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    I think you’re missing the point. I appreciate the great players of the past, and I’ll be the first to admit that they were wonderful, but I’m amazed at how the number of great players today is increasing. Even many of the players today that are considered average pros are fabulous! It's funny that you included Maynard in your list. It was actually some of his recordings that caused me to start noticing so many cracked notes and poor intonation. He had many wonderful recordings, and so many of his, and his band members, were wonderful on a majority of recordings, but many of them are also not up to today's standards.

    Go back and listen to his recordings of Got the Spirit, At the Sound of the Trumpet, and others in that time period and you will wonder why they included them on his records. On the same recordings are some other tunes that are an 11 ona scale of 1-10. Today those weak recordings would have never been released. So my question is why were they acceptable 30-40 years ago?
     
  4. old geezer

    old geezer Pianissimo User

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    I think one of the reasons we are seeing more young lions is that we have a lot more great teachers and places to learn and study the trumpet. I believe ( and I am probably wrong ) lot of the old guys were just loaded with natural talent and were hitting the road playing great as teens. Now they are studying and working into their 20's before hitting the paying jobs. Just some rambling from an old guy who is lucky to find his way home at night. old geezer Dave :cool:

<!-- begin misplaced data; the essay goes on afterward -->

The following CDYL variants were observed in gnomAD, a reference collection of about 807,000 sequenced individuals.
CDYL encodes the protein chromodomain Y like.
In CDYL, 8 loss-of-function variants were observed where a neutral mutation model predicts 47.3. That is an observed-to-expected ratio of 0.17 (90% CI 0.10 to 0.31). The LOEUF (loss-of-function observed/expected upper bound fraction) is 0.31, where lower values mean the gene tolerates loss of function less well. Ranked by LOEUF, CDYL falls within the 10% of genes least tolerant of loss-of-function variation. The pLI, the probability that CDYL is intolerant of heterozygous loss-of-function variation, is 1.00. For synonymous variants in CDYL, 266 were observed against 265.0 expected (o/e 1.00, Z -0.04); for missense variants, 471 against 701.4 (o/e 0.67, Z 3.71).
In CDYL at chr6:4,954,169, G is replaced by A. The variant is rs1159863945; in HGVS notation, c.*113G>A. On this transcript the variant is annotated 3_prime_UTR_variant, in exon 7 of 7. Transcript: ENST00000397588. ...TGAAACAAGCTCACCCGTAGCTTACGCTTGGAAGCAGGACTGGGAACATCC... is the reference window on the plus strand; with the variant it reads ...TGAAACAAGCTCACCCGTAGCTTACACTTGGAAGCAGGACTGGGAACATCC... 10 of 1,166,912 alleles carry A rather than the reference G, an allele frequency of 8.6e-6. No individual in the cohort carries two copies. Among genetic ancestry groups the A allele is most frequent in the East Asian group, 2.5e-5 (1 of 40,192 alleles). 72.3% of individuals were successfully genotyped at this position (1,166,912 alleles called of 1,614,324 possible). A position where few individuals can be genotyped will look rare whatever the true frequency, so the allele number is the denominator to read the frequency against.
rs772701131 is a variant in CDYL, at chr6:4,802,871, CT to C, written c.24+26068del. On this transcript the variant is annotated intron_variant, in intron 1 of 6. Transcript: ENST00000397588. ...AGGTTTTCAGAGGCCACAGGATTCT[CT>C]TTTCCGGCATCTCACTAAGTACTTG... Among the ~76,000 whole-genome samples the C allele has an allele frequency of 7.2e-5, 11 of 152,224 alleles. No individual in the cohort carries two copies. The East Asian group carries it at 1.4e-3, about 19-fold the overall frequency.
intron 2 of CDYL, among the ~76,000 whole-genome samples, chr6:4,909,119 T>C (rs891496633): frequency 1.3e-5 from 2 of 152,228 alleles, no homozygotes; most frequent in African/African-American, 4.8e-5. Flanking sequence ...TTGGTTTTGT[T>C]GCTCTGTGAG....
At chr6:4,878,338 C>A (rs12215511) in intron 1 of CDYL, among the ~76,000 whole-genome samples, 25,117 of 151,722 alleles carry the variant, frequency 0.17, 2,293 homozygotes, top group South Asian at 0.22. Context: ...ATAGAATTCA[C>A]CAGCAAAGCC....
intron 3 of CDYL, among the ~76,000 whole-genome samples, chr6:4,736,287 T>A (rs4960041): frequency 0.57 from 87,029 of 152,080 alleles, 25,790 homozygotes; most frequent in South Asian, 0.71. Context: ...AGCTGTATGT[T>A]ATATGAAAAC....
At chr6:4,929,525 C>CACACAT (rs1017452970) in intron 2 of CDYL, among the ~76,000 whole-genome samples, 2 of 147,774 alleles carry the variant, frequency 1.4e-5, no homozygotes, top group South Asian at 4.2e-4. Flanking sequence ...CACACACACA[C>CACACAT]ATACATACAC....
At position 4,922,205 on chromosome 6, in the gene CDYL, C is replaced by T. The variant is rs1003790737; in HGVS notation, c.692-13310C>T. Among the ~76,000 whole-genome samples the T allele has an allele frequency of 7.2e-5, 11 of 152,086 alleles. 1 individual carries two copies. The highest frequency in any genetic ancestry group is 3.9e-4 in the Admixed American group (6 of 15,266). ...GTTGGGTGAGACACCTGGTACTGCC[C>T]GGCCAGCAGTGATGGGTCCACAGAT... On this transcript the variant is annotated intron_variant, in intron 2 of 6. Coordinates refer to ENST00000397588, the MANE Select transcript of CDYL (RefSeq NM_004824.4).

p.s. the older generation didn't have tv's to distract them so they spent more time practicing.
     
  5. trickg

    trickg Utimate User

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    Also, let's not forget that with each new astouding recording and each up and coming new artist, the bar is continually being raised. Every new player striving to make it in the world of music, whether they like it or not, is going to be compared in some way to the recordings and players that came before them. Their only choice is to do it better, higher, faster. If they can't, they won't make it.

    The same thing goes for athletics. If you were to take the best NFL football team of the 60s or 70s and run them up against the tops teams of today, today's teams would mop of the floor with them. It would be a blowout of immense proportions.